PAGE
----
derivative


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Related to derivative: Derivative market

de·riv·a·tive

(dĕ-riv'ă-tiv),
1. Relating to or producing derivation.
2. Something produced by modification of something preexisting.
3. Specifically, a chemical compound that may be produced from another compound of similar structure in one or more steps, as in replacement of H by an alkyl, acyl, or amino group.

derivative

/de·riv·a·tive/ (dĕ-riv´ah-tiv) a chemical substance produced from another substance either directly or by modification or partial substitution.

derivative

[dəriv′ətiv]
Etymology: L, derivare, to turn away
anything that originates in another substance or object. For example, organs and tissues are derivatives of the primordial germ cells. Chemical derivatives may be produced to confirm identification of a compound or to aid in the analysis of a compound.

de·riv·a·tive

(dĕ-riv'ă-tiv)
1. Relating to or producing derivation.
2. Something produced by modification of something preexisting.
3. Specifically, a chemical compound produced from another compound in one or more steps, as in replacement of H by an alkyl, acyl, or amino group.

derivative

the result of the calculation (usually with calculus) of the change of one variable with respect to another. Also alludes to the number of 'steps' of calculus required (e.g. acceleration is the second derivative of displacement with respect to time). See also differentiation.

de·riv·a·tive

(dĕ-riv'ă-tiv)
Chemical compound that may be produced from another compound of similar structure in one or more steps.

derivative (dēriv´ətiv),

n a chemical substance that is the result of a chemical reaction.
References in periodicals archive ?
We believe an over-the-counter derivative market based on U.
Similar types of regulatory arbitrage have motivated other economic actors, such as insurance companies, to enter into derivative contracts that otherwise would have been unattractive to them.
That is, the FASB now allows companies to ignore the fact that their purchase and sales agreements satisfy the definition of a derivative as long as (a) it is probable that the company will, in fact, take part in a physical transfer of the underlying property; (b) the amounts specified in the contract reflect quantities that are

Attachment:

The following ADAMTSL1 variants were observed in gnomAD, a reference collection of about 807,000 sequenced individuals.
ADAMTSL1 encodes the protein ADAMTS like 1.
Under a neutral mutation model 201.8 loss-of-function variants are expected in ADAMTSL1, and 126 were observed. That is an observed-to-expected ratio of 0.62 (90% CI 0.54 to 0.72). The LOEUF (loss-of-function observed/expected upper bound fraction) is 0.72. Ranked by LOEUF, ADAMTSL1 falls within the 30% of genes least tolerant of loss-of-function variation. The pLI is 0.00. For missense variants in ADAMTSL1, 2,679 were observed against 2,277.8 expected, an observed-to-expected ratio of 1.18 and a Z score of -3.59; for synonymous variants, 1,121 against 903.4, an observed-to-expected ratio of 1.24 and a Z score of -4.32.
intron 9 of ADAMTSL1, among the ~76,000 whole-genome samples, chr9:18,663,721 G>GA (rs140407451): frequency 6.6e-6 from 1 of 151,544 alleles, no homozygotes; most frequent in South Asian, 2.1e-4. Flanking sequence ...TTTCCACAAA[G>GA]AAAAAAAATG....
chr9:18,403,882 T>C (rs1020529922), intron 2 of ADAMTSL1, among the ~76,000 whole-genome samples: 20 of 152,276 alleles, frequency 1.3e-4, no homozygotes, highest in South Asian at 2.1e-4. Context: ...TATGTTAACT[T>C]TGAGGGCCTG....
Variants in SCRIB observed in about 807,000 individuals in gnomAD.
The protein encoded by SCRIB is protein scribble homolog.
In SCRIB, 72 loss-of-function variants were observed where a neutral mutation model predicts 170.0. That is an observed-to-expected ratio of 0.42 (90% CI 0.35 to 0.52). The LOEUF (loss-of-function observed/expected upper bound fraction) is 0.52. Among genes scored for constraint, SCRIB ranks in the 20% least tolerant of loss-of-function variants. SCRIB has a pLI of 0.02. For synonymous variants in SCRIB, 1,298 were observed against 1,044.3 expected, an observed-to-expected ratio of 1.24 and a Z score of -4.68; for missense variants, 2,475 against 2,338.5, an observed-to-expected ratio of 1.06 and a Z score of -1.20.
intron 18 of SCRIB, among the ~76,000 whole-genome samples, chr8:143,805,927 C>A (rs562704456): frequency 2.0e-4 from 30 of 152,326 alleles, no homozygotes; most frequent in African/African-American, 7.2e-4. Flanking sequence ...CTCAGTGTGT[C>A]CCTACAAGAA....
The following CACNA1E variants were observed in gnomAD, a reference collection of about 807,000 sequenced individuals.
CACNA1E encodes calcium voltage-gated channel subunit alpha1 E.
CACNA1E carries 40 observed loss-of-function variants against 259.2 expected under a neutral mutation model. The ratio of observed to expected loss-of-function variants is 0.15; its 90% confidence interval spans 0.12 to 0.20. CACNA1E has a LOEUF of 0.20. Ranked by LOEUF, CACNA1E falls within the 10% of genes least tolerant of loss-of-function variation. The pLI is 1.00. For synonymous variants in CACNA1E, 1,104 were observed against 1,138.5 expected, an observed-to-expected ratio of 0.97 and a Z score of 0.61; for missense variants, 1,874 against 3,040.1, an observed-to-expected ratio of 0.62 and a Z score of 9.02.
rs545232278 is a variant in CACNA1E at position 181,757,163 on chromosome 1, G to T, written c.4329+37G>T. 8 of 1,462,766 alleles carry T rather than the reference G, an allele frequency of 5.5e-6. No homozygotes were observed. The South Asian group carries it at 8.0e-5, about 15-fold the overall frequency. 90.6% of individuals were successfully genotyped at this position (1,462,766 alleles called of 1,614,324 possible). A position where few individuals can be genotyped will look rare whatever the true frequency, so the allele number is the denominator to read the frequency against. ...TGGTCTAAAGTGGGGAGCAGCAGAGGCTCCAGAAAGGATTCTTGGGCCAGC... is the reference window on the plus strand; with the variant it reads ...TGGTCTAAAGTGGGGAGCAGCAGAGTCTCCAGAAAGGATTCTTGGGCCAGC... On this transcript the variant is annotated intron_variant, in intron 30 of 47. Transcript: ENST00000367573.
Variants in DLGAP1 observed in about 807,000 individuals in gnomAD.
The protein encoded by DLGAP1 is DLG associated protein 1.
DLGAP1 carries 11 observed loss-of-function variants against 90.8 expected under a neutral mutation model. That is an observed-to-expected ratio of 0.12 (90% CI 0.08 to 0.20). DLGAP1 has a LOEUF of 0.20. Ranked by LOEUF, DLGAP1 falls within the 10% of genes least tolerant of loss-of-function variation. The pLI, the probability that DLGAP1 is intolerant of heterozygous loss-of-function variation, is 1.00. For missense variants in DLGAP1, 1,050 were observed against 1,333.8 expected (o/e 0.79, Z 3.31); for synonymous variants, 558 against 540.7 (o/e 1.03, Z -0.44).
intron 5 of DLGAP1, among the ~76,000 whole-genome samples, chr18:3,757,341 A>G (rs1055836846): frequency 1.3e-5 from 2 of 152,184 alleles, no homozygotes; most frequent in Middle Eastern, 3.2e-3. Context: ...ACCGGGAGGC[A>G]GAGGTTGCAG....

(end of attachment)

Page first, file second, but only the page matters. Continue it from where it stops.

A typical implementation plan had to identify and inventory derivative instruments; evaluate the overall risk management philosophy and how it complies and relates to Statement no.
The analytics involved in quantifying credit risk for derivatives involved simulating the following:
We're one of fewer than 10 investment banks that have a significant presence in the municipal derivatives market and the only firm that is not a major money-center bank," notes Rice from his office on the 52nd floor in the World Trade Center.
There are currently $70 trillion worth of derivatives being traded worldwide - nearly 10 times the U.
You must know exactly what the derivative is doing in relation to your original goal.
133, as well as the explosion in the number and types of hedging activities and derivative instruments, created the need for revised auditing guidance in this area," she said.
As a practical matter, the derivative products assuming a larger role in today' OTC market are similar to, if not the same as, exchange-traded futures and options, except they add a key element of credit risk not present in standardized exchange-traded products.
The guidance in this SAS applies to derivative instruments, including certain derivative instruments embedded in other contracts (collectively referred to as derivatives), of all entities.